Tuesday, January 03, 2006

Ember Day Report, December, 2005

Ember Day Report, December 2005


Let me begin my report with an apology for tardiness. I came down with some crud, Mom fell and sprained her left thumb and I was running her around to the doctor and errands and then it was Christmas and Christmas Eve mom fell down and slightly sprained her right ankle. I'll be visiting the doctor with her to see if there is any reason she is falling down other than trying to do 2 or 3 things at once.
Immediately after Christmas I turned my attention to the Medicare D issue and that took 2 long days. The following day was my Medi-Cal annual re-certification which according to the postmark was mailed 12/1 and I received it 12/27 and it is due 12/30. It is only now I have the time to turn to my Ember Day Report.

First a point of business:

I ask permission to amend my rule (I know, I know, what already!!!!!) from

"IV. Novitiate:

This Rule is intended to guide the novitiate period of_____________ [how long should it be???] in which this life will be explored and discerned by Father Michael Russell, Rector of All Soul's Episcopal Church, San Diego, CA; Christie Fleming, spiritual director; and me as guided by the Holy Spirit. When he deems it appropriate, James Mathes, Bishop of the Episcopal Diocese of San Diego will become involved."


IV. Novitiate:

This Rule is intended to guide the novitiate period of twelve months in which this life will be explored and discerned by Father Michael Russell, Rector of All Soul's Episcopal Church, San Diego, CA; Christie Fleming, spiritual director; and me as guided by the Holy Spirit. When he deems it appropriate, James Mathes, Bishop of the Episcopal Diocese of San Diego will become involved. If at the end of this period, all parties agree that the novice should be allowed to profess her first or temporary vows, this would take place on the Feast of all Souls, November 2, 2006.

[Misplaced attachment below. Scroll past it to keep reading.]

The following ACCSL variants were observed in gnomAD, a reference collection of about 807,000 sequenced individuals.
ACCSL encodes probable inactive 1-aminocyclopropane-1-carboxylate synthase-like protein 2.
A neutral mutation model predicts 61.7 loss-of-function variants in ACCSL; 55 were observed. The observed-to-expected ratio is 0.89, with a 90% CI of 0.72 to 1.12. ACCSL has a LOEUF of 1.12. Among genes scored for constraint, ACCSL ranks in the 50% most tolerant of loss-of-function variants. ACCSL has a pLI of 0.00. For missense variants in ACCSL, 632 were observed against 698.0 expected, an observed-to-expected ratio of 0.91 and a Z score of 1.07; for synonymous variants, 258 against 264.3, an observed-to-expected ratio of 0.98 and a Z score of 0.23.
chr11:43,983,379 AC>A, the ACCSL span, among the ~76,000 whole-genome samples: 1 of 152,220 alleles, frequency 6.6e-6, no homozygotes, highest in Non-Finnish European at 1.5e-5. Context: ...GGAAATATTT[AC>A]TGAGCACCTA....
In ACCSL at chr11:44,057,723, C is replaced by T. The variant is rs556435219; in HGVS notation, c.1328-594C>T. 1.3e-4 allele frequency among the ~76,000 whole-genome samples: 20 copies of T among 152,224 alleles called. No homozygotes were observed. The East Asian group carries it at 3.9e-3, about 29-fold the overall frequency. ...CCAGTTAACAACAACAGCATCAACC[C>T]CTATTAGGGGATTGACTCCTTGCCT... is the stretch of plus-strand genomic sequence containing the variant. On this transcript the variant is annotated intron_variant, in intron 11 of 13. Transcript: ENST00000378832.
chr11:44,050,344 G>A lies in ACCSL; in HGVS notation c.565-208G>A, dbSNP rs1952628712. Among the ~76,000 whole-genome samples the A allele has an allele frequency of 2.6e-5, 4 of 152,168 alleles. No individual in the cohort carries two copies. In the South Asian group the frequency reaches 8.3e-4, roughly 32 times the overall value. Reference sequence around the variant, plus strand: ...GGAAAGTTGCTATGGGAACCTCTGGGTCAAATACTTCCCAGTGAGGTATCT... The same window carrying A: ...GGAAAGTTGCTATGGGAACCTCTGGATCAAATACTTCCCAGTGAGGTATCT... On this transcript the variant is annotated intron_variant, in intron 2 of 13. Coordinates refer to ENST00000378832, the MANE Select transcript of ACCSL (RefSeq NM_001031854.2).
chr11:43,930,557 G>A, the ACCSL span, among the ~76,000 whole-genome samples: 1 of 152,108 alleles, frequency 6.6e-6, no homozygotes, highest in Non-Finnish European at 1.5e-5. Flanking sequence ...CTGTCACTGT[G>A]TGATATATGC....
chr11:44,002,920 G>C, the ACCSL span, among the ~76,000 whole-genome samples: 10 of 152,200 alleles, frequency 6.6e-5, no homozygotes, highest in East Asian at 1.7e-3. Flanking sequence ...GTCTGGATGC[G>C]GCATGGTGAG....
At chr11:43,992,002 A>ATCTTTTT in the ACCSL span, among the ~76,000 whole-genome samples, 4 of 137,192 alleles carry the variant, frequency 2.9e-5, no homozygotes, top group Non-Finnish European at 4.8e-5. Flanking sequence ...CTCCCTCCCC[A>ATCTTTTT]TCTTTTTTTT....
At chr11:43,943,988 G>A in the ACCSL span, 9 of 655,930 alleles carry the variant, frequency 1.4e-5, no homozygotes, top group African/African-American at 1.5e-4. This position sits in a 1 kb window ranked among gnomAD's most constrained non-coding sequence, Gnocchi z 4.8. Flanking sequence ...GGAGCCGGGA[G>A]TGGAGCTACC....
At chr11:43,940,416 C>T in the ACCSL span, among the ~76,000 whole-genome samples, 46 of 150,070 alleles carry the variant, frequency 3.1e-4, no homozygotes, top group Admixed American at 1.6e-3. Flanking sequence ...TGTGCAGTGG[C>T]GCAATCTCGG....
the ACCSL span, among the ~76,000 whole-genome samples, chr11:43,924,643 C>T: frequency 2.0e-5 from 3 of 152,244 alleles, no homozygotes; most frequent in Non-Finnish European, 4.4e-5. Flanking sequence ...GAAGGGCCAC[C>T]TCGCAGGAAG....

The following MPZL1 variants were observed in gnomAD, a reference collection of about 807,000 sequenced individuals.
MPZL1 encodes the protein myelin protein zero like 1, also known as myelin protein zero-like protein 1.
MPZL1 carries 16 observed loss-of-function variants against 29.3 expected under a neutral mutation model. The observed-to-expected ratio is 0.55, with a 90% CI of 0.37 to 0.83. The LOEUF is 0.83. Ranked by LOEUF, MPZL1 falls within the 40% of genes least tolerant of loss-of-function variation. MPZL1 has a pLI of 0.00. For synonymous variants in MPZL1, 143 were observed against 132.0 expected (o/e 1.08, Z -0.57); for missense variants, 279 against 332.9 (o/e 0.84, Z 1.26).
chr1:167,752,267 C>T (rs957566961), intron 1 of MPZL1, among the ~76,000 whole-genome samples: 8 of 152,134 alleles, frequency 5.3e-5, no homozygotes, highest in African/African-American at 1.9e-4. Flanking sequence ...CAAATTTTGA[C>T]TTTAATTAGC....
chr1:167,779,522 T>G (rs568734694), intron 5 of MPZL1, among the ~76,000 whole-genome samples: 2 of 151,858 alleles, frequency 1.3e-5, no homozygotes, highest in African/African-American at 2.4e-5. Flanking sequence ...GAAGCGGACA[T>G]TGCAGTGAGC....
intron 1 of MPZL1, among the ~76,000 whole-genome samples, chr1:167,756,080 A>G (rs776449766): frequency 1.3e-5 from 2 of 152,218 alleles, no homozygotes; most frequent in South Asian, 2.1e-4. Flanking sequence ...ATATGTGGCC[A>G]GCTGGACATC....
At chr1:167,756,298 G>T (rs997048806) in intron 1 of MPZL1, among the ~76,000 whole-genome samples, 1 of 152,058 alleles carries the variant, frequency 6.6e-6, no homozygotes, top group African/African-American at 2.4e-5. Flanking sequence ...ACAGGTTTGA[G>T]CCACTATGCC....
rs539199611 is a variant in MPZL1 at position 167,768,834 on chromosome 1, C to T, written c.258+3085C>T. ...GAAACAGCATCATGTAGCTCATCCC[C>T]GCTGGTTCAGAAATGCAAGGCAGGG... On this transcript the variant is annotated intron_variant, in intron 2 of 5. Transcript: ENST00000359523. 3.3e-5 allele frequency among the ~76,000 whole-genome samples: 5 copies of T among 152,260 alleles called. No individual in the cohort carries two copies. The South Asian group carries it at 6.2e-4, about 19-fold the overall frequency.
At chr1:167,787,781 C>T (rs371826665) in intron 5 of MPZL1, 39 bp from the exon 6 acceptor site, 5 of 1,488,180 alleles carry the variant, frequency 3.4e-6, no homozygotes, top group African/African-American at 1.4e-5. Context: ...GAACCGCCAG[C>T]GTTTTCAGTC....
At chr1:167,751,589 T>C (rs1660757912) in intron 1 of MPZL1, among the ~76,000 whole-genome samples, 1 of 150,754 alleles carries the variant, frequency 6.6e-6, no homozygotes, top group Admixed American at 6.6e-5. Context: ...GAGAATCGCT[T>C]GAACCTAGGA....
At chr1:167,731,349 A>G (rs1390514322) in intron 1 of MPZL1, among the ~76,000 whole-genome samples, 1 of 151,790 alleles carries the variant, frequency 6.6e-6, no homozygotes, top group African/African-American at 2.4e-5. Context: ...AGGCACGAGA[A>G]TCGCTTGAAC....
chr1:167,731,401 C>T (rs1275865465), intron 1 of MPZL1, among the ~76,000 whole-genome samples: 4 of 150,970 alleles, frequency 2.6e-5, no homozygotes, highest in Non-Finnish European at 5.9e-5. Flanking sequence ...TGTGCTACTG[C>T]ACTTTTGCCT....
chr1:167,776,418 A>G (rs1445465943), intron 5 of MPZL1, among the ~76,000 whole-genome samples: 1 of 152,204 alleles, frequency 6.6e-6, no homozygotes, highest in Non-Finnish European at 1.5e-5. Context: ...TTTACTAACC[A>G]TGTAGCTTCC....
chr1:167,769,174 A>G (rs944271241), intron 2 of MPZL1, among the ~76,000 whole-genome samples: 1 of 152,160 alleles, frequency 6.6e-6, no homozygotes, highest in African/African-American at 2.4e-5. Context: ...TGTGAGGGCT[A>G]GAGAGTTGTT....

Some comments:

Although I did not profess any vows on All Souls Day, making novice promises, I awoke on November 3 feeling as if there had been an ontological change within me. Monasticism is not what I do, it is who I am. In the weeks since then, I have increasing had the sense that at last, I've gotten it right. The puzzle pieces have fallen into place and I see my life previous to 11/2/05 which has nothing in that did not lead up to this. I think I have shared the vision I had in 3/82 of the cupped hands of God and what that vision meant to me. It's as if when the Bishop laid hands on me, I was just settling even deeper into those cupped hands. I had said for 20+ years that the truest thing I could ever say about myself is that my identity is to be found in those cupped hands, that that is where i live and move and have my being.


Not having ever done such a thing before, I looked to our Canons which state: "Ember Weeks: each candidate shall communicate with the Bishop in person or by letter, four times a year, in the Ember Weeks, reflecting on the Candidate's academic, diaconal, human, spiritual and practical development."

I realize this canon applies to one seeking the diaconate or the priesthood, but with your permission, general principles apply, I think, and I will use this as he outline for my letters. Your comments about format and content are encouraged.


` Of course, this is probably the easiest for me to report. I do love to read and study! I was fortunate to obtain, free of charge, a library card at the University of San Diego as a professional courtesy. This is quite a blessing and I am grateful as it is not their policy to give out library cards to non- USD people.

Since July, 2005, I have read the following: